Avolon's loss is $200 million for its airplanes stuck in Russia, CEO

DUBLIN, IRELAND — Commercial aircraft leasing company Avolon says its balance-sheet exposure to planes held in Russia at under $200 million.

Avolon Ceo Dómhnal Slattery said they would make insurance claims to recover the company's potential losses. Avolon currently has ten aircraft stranded in Russia. The lessor had been able to repatriate four aircraft leased to the Russian airline operators.

The Dublin-based lessor scraped all its contracts with Russian carriers when sanctions have begun. Avolon also committed to drawing down deposits and letters of credit from Russian customers.

Avolon's CEO did not reveal what portion of the remaining $200 million at risk will be covered by insurers. The lessor has less exposure to the Russian market than rivals AerCap and SMBC Aviation Capital. Its leased planes to Russian carriers stand for around only 1% of its entire fleet.

But its assessment is informative for investors trying to estimate potential losses of leasing companies and how much will be paid by insurance firms such as Lloyd’s of London.


“We believe that our possessed contingency insurance is in place and is entirely valid,”

Slattery said during n interview with Bloomberg.


“And we have complied with all of the conditions of those insurance policies,”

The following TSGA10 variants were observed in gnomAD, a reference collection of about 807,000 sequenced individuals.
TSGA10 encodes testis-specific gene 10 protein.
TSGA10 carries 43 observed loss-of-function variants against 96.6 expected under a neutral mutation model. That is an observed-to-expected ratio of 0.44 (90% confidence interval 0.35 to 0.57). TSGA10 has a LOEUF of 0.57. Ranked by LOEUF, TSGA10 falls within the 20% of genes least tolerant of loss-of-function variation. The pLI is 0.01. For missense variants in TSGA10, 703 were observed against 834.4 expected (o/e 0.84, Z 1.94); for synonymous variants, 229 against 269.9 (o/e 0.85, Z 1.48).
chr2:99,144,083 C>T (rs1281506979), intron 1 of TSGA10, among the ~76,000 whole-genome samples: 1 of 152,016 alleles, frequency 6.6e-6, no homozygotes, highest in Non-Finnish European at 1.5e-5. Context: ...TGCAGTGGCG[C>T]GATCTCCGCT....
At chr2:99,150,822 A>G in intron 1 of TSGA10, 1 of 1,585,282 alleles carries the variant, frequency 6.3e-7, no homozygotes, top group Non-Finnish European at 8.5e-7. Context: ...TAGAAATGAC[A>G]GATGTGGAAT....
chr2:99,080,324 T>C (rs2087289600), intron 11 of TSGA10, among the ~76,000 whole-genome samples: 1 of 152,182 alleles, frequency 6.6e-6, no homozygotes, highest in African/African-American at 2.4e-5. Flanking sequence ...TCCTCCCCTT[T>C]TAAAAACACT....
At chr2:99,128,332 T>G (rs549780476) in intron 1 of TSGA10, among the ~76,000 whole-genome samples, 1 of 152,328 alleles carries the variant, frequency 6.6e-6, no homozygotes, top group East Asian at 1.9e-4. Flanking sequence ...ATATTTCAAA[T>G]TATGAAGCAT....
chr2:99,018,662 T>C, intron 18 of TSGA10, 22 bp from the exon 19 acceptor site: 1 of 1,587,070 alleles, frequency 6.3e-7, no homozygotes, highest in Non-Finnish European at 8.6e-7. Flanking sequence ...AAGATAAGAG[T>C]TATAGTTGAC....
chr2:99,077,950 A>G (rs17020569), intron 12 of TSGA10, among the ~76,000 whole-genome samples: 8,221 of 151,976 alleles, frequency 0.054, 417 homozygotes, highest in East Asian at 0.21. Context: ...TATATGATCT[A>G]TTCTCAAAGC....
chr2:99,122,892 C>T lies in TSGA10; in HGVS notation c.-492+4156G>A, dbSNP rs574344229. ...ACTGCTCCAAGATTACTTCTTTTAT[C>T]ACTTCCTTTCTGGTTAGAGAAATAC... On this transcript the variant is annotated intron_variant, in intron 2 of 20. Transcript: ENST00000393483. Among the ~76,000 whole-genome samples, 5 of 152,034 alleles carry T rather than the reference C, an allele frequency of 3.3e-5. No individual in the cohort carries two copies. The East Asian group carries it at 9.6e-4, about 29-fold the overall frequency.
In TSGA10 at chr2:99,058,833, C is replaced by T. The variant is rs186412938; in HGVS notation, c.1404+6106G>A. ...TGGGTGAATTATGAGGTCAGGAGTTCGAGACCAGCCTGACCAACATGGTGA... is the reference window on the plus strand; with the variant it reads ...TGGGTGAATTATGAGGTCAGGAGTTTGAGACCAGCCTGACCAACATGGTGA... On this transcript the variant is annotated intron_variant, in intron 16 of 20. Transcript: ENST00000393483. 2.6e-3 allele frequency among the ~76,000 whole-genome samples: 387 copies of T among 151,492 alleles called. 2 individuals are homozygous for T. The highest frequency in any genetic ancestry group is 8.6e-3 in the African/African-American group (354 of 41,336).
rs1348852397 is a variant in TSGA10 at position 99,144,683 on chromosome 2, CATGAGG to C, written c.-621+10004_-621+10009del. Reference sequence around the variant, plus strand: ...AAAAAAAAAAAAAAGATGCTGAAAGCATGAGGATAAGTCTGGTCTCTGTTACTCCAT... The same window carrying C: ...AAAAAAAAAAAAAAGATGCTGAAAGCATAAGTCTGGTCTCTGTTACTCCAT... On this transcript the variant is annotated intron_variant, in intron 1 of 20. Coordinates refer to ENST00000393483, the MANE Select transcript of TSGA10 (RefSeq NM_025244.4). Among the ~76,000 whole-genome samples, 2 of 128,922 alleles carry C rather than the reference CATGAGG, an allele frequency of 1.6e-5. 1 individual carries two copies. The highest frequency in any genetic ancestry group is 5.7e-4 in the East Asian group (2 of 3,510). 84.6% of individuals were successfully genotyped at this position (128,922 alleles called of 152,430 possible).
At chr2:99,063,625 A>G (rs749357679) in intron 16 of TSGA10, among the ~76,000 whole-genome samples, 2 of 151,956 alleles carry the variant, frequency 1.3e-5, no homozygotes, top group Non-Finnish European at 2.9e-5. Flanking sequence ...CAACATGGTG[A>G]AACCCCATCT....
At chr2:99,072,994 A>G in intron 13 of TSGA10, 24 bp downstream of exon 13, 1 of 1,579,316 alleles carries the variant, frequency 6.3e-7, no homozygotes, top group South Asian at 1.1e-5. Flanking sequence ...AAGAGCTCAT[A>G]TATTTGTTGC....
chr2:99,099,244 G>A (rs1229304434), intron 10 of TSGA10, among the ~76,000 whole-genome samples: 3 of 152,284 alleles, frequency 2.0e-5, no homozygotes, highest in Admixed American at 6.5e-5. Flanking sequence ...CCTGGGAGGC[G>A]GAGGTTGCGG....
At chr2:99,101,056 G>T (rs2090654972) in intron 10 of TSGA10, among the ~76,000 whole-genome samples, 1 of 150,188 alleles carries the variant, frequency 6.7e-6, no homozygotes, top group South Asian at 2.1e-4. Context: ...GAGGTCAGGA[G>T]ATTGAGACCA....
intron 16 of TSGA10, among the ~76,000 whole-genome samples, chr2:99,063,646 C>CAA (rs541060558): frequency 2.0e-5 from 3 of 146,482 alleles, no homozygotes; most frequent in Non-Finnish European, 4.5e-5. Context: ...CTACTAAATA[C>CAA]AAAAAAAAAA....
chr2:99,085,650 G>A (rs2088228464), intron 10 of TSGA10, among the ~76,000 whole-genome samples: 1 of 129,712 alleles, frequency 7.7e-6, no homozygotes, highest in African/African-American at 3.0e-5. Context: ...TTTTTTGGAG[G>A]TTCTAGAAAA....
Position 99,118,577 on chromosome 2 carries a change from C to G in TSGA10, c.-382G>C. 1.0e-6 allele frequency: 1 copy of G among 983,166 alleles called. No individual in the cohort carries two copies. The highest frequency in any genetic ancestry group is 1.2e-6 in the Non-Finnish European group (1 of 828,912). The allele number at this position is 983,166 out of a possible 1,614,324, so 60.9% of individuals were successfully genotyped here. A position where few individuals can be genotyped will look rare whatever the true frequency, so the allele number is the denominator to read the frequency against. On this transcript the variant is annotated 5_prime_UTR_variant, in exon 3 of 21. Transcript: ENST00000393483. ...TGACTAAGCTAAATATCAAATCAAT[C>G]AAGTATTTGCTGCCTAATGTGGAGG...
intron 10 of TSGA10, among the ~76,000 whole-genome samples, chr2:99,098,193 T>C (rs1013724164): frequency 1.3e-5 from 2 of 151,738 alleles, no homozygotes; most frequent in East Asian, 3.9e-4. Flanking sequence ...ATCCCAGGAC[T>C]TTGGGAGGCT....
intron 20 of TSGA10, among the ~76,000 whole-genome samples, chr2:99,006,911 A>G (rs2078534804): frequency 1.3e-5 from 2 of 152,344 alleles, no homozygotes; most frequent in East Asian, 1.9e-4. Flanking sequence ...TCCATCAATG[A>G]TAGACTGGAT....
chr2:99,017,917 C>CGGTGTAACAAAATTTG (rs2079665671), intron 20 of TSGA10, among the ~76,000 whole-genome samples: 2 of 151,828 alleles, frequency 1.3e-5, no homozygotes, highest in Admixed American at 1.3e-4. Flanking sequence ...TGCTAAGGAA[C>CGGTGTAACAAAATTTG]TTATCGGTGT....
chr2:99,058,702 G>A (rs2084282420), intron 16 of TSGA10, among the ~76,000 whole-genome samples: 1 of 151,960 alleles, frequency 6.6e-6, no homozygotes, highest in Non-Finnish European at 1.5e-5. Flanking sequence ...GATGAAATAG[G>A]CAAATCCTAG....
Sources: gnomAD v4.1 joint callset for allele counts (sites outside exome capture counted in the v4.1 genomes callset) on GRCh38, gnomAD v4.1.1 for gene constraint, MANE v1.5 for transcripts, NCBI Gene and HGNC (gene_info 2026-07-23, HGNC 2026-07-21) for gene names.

he added.

Also Read: Russia's foreign aircraft seizure to risk historic aviation insurance loss
Insurance claims could total $10 billion, the highest amount could ever be seen in civil aviation insurance history, Fitch Ratings said in a report last week.

Lloyd’s CEO John Neal told Bloomberg Television that those figures were for aircraft values, and the liability of insurers should be limited to about 10% to 15% of them.

During an interview with Ireland’s RTE Radio before, Slattery said that the value of the 14 Avolon-owned airliners with Russian carriers is about $400 million.

Leasing firms and their auditors are discussing what financial provisions should be made regarding their exposures, Slattery told Bloomberg.

You’ll see how that plays out over the next month or so when the various aircraft leasing companies report.

AerCap, the world’s largest aircraft lessor has 142 aircraft held by Russian Airlines as of March 10, according to consulting firm IBA. The company will report first-quarter results on Wednesday.


The Russian government has so far transferred the registrations of 800 foreign lessor-owned airplanes to Russian registration, although most of them are subjects to jurisdictions in Bermuda and Ireland. While lessors have the right to repossess their planes under international laws, there is no proper way of implementing them, industry experts say.
© Airlinerwatch.com